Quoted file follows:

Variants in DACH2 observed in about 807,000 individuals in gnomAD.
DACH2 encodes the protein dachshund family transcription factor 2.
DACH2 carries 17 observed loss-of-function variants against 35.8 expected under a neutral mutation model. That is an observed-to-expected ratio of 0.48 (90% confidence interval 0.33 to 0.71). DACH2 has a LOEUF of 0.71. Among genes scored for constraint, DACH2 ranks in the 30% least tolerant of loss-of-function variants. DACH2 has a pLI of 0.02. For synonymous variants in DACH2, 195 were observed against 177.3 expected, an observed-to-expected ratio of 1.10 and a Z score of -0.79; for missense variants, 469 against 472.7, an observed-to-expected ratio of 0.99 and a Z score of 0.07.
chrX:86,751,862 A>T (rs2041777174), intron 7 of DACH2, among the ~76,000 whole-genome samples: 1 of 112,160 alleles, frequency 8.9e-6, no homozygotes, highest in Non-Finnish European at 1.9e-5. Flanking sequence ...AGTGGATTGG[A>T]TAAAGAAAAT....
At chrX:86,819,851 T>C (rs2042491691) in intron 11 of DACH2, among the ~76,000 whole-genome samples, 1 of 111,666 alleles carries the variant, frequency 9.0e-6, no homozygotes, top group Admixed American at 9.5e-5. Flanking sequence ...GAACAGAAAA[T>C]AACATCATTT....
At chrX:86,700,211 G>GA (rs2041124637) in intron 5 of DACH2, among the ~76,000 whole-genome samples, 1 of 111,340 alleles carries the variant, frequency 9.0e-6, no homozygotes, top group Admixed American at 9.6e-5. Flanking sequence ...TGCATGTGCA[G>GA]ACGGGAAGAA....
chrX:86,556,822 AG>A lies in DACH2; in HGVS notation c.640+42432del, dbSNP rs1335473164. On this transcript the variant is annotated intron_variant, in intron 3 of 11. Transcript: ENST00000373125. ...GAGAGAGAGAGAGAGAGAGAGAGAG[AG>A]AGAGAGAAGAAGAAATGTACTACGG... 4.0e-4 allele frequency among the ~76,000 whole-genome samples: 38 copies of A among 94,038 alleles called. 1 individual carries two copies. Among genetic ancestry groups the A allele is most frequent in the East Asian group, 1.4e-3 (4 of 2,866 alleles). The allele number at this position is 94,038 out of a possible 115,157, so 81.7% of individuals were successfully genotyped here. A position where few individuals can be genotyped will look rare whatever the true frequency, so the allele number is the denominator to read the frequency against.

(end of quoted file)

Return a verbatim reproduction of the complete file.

Variants in DACH2 observed in about 807,000 individuals in gnomAD.
DACH2 encodes the protein dachshund family transcription factor 2.
DACH2 carries 17 observed loss-of-function variants against 35.8 expected under a neutral mutation model. That is an observed-to-expected ratio of 0.48 (90% confidence interval 0.33 to 0.71). DACH2 has a LOEUF of 0.71. Among genes scored for constraint, DACH2 ranks in the 30% least tolerant of loss-of-function variants. DACH2 has a pLI of 0.02. For synonymous variants in DACH2, 195 were observed against 177.3 expected, an observed-to-expected ratio of 1.10 and a Z score of -0.79; for missense variants, 469 against 472.7, an observed-to-expected ratio of 0.99 and a Z score of 0.07.
chrX:86,751,862 A>T (rs2041777174), intron 7 of DACH2, among the ~76,000 whole-genome samples: 1 of 112,160 alleles, frequency 8.9e-6, no homozygotes, highest in Non-Finnish European at 1.9e-5. Flanking sequence ...AGTGGATTGG[A>T]TAAAGAAAAT....
At chrX:86,819,851 T>C (rs2042491691) in intron 11 of DACH2, among the ~76,000 whole-genome samples, 1 of 111,666 alleles carries the variant, frequency 9.0e-6, no homozygotes, top group Admixed American at 9.5e-5. Flanking sequence ...GAACAGAAAA[T>C]AACATCATTT....
At chrX:86,700,211 G>GA (rs2041124637) in intron 5 of DACH2, among the ~76,000 whole-genome samples, 1 of 111,340 alleles carries the variant, frequency 9.0e-6, no homozygotes, top group Admixed American at 9.6e-5. Flanking sequence ...TGCATGTGCA[G>GA]ACGGGAAGAA....
chrX:86,556,822 AG>A lies in DACH2; in HGVS notation c.640+42432del, dbSNP rs1335473164. On this transcript the variant is annotated intron_variant, in intron 3 of 11. Transcript: ENST00000373125. ...GAGAGAGAGAGAGAGAGAGAGAGAG[AG>A]AGAGAGAAGAAGAAATGTACTACGG... 4.0e-4 allele frequency among the ~76,000 whole-genome samples: 38 copies of A among 94,038 alleles called. 1 individual carries two copies. Among genetic ancestry groups the A allele is most frequent in the East Asian group, 1.4e-3 (4 of 2,866 alleles). The allele number at this position is 94,038 out of a possible 115,157, so 81.7% of individuals were successfully genotyped here. A position where few individuals can be genotyped will look rare whatever the true frequency, so the allele number is the denominator to read the frequency against.